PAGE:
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Has nobody noticed that the first and the third sentence directly contradict each other?
Also, how does a language drop from 279 to 12 speakers in 2 years? Did the sources count in different ways, or is a typo involved? (The Yurok Language Project page says there "about a dozen fluent native speakers, all elderly, and an active language revitalization program".) David Marjanović 15:24, 6 April 2007 (UTC)
A reply to the above question:
Yes, the majority were very old. The number is higher than 12, I'm pretty sure. There are many young people that are learning the language. 188.8.131.52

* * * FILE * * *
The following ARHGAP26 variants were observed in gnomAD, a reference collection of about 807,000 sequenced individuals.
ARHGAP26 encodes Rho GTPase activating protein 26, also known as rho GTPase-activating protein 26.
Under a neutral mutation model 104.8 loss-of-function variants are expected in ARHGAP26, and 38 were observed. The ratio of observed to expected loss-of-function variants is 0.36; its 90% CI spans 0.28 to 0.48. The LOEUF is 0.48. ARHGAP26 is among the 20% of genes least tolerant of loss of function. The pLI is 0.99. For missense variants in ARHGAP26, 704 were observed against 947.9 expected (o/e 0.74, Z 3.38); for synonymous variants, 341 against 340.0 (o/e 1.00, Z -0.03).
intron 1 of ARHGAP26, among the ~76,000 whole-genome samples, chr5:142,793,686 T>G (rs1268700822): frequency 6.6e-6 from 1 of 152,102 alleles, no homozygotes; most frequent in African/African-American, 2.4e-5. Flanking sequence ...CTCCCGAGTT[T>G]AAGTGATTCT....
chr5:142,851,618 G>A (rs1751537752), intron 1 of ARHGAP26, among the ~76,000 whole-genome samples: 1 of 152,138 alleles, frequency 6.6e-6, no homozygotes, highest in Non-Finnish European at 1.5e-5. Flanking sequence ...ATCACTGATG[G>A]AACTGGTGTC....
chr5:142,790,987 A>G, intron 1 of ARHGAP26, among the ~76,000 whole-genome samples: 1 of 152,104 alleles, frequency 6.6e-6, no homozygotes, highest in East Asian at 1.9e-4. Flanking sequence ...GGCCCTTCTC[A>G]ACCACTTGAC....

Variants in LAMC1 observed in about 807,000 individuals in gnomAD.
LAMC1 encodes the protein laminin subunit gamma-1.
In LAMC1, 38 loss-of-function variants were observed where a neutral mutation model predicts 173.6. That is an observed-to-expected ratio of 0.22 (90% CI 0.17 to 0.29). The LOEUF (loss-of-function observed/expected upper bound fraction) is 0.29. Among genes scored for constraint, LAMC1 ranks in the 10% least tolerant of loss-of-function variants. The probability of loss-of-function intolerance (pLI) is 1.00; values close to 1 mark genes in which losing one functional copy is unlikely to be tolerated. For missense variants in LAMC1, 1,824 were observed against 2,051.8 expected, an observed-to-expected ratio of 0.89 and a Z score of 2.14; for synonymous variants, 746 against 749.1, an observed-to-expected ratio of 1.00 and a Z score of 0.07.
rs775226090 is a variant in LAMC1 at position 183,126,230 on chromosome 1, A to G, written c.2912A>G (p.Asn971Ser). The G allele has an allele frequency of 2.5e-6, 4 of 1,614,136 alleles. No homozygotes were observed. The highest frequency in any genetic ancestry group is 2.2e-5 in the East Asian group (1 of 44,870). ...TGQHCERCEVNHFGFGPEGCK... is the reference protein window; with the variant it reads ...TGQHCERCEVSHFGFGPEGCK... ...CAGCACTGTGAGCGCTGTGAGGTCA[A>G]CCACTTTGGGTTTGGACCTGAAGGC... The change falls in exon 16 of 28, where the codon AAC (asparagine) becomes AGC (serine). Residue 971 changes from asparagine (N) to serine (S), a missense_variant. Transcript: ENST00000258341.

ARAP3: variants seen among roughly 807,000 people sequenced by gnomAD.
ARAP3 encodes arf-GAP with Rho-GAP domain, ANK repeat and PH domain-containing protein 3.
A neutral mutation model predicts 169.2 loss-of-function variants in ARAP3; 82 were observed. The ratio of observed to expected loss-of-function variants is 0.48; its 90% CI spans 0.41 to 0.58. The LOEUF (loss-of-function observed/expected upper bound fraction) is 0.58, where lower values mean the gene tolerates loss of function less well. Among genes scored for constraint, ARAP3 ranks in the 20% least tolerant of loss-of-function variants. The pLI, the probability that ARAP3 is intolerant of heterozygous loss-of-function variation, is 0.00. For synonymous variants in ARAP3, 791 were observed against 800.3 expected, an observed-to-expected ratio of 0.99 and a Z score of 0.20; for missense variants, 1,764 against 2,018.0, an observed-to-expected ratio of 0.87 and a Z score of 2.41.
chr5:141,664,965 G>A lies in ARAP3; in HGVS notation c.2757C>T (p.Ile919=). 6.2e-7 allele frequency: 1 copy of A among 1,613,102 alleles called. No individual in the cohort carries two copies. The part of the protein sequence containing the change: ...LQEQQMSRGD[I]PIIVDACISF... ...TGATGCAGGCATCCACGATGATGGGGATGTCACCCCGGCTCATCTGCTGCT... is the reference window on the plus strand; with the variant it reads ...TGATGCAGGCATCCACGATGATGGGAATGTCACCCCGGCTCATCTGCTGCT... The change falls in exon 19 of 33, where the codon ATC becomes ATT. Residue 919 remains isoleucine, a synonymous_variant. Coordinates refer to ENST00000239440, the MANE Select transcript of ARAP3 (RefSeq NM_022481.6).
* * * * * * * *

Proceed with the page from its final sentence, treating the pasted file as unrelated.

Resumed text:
Robins' Grammar talks of "not more than 20 speakers could claim even a fair working knowledge of the language" (page xiii), and this book was published in 1958, so it is quite impossible that there may be more than 200 speakers today (or in 2000)...--184.108.40.206 (talk) 20:11, 18 February 2008 (UTC).
Just a factual correction: The Yurok Tribe is in Del Norte County, not Humboldt. —Preceding unsigned comment added by 220.127.116.11 (talk) 20:31, 15 June 2009 (UTC)